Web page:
Exxon Slow Evolution of an Oil Giant
Some are frustrated with Exxon's pace in moving to more renewables
Later this year, the Rockefeller family is going to ask Exxon to level with them. The descendants of
The Rockefellers are preparing a resolution to present to shareholders at the company's annual meeting in
"We want to know what they are thinking," says
"It's perfectly possible Exxon is doing a lot of good thinking on this," she adds. "But they're not letting on."
What Exxon is thinking is an intriguing question, and it's one people have been mulling over for years, especially when they consider the future of energy. Exxon is the biggest American corporation in terms of revenue. (It shot past
A slow shift. This is not to say Exxon isn't doing anything. Last summer, it made its first serious foray into alternative fuels by plunking down
Then, late last year, Exxon acted again, bidding
Exxon historically has been more comfortable looking to the past, however. In 1997, BP and Shell broke with the industry and said, yes, there is a climate change problem, while Exxon held its ground. It's a saga that played out roughly 10 years ago as geological evidence showing that carbon emissions were a serious problem grew, recalls
Resistance. Goodwin recalls a meeting with an Exxon executive several years ago at which Rockefeller family members brought up their frustration with the company's approach. For years, Exxon had been using quarter-page newspaper ads "to put forth their skepticism that climate change was uncertain and [that] we don't know what's causing it," she says. The executive, she says, admitted, "We know we have a problem with the public. Someone ought to be fired." To which she said: "I'll tell you who ought to be fired: the person who does those quarter-page ads."
In 2006, Tillerson replaced Raymond as CEO, and because of some of its recent moves, Exxon is no longer an industry laggard, Lovell says. The question is whether the company has a responsibility to do more. Legally, of course, companies are beholden to their shareholders. "They first have to consider whether something has the potential to make money or not," says Tinker. "That isn't some greedy oil company idea. That is the first principle of running any company." But making money doesn't necessarily mean sticking to the status quo, and it's not incompatible with social responsibility. Most of the planning Exxon does is for projects that might not be running for 10 years--deep-water oil fields, for example, or hard-to-reach natural gas deposits. So Exxon, by the nature of its business, has to be looking at the long term, trying to figure out what is going to make money in 2020, not just in 2010.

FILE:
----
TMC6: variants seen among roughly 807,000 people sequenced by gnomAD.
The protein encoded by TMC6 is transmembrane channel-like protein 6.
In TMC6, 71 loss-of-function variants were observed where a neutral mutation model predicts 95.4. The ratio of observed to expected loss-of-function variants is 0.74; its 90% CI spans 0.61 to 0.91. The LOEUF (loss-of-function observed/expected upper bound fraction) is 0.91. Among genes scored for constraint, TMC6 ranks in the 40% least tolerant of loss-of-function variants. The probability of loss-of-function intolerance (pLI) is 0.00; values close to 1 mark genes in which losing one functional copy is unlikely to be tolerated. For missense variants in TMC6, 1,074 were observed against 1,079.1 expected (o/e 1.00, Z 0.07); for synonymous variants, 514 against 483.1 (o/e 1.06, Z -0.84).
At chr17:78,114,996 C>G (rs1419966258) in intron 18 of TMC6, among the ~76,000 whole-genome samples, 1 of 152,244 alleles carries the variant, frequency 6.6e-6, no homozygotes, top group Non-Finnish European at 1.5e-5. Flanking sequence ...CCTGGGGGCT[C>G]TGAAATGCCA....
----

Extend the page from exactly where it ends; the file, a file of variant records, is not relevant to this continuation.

Exxon has predicted that global energy demand will rise 35 percent between 2005 and 2030, with demand for transportation fuels in developing countries more than doubling. That growth, the company says, provides ample reason to continue investing heavily in oil. But what if the projections are wrong? "
If climate change hits developing countries hard, they might accelerate efforts to turn away from fossil fuels. How quickly that shift happens depends on many things--technology, oil prices, and politics, to name a few. Exxon, in its 2009 outlook, told shareholders "to remember . . . that these shifts happen slowly, over the course of decades." Regardless of the time frame, Goodwin says, "I am among those who think a serious shift is probable. And I believe it would greatly benefit Exxon if it were leading into the future."
By many accounts, Exxon is already feeling a pinch. Half a century ago, oil was the playground of private companies. Today, the vast majority of the world's reserves are under the control of government-owned oil companies, like
Even if the Rockefellers' resolution fails, as others put forth by the family have, Exxon will have to answer to someone else. Starting this year, the
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Energy - Exxon Slow Evolution of an Oil Giant | Kent Garber
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